WORLD WAR II
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Admin/Biog History Robert F. Rhyner was the son of C. E. Rhyner of rural Oshkosh. He was inducted into military service in April 1943. He trained as a waist gunner on B-17 "Flying Fortress" Bombers and was sent overseas September 1944 and assigned to the 8th Air Force in England. He had flown on several missions before he was reported as missing in action over Germany on November 2, 1944 and reported as a prisoner of war on December 16, 1944.
Classification Archives
Collection Winnebago County Historical Commission
Dates of Accumulation 1944
Abstract Letter from Staff Sergeant Robert F. Rhyner, 8th Army Air Force, to his father C. E. Rhyner.

Oct. 28,44
England

Dear Mom & Dad;
I received your letter today and boy was I glad to hear from you as it had been about two weeks since I heard from you last. I haven't much news to tell except that our last exploit was Hanover.
I can imagine how nice it was to have Lois home again for a couple of days, I'm glad she likes it and wish her a lot of luck in her State Tests. I imagine there must be a lot of seed in that clover if Dad and Fred are fooling with it, how many acres is there? Hickory Nutting, boy that
sounds good in away I wish I were there to help. So Carl K. had to register that's one guy I want to see in this Army but not in the Air Corp, in the Infantry I'll bet they will make something out of him, I'd give a months pay to be there when he gets all those shots. I'll bet he'll die. I can just see Dad out there spading you a flower garden, did he do it on his own or did you have to talk him into it? I'm sitting here smoking a cigar yep, I'm a big time operator now with nothing else to do with my money but buy cigars. Speaking of money let me know when you get that money order I sent as I am sweating it out because it's a lot of money to get lost in the mail. Max wrote and told me they were out that Sunday, also said they had very nice time.
Say I don't suppose you could send me some unpopped pop corn could you. The guys on the crew including myself are dying for some, we can sneak butter and salt out of the mess hall and we have a nice little stop[crossed out] stove to pop it on, boy I can just taste it now, remember those Tuesday nights in the winter when we would sit there and listen to Fibber McGee and Molly and eat the stuff I don't think it will be to long before I[crossed out] we will be able to do it again. Our little pup is doing fine in fact he is starting to learn how to bark now and is it ever comical to hear, he sure is a riot. I am getting my Staff Sgts. Rating in Nov. you know what that means, more money maybe then I can increase my allotment home each month. Every little bit helps said the Old Lady as she p_____in the ocean. Chuck and I are the only ones left in the tent tonight, two of the others have gone to the show and the other one is out drinking Limey beer some place, he can have it I got sick of it along time ago. I found an advertisement on the Oshkosh four wheel drive plows in a book the other day and have it hanging in the tent here, the guys are always razzing me about me about it, but its my pin up gal and am I proud of it. Well guess I'll close for now. I'll write again soon and you be sure to do the same.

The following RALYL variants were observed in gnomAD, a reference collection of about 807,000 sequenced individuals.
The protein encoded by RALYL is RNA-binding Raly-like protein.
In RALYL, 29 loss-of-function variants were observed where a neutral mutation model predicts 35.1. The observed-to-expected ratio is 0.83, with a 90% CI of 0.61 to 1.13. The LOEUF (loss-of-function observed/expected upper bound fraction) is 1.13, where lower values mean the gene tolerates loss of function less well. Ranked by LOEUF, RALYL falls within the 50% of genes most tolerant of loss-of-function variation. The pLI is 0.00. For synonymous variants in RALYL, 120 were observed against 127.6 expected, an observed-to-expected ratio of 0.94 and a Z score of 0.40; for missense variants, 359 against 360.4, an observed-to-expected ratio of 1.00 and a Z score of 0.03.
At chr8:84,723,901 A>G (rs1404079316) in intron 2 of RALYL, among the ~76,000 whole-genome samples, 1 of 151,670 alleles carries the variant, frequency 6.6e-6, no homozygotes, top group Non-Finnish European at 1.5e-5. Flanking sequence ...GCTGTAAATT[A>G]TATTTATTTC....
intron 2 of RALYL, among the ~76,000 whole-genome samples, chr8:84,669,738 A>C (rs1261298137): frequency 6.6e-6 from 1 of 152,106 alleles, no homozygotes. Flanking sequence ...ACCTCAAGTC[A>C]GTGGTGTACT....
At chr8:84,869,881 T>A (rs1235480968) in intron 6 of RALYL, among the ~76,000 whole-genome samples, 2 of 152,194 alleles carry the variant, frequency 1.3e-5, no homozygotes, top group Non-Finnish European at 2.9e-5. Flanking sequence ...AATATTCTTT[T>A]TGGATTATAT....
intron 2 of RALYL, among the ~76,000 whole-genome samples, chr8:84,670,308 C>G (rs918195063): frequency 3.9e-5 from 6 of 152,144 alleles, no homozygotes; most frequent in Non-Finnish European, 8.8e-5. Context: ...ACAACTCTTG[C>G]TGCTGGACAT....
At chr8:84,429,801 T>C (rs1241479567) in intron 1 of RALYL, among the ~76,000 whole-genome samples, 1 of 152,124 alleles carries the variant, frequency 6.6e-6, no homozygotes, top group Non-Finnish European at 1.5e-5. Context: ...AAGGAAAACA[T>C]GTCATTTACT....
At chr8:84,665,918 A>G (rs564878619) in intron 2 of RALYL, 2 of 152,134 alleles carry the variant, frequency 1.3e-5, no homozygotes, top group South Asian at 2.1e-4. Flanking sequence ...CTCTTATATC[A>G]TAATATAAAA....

All My Love and Kisses
Bob
(x an extra one for Nancy)
Event World War II
Category 8: Communication Artifact
Legal Status Oshkosh Public Museum
Object ID RG71.7.1
Object Name Letter
People Rhyner, Robert F.
Subjects World War II
Letters
United States Army Air Force
Bombers
Prisoners of war
European Theater of Operations
Title Letter
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Last modified on: December 12, 2009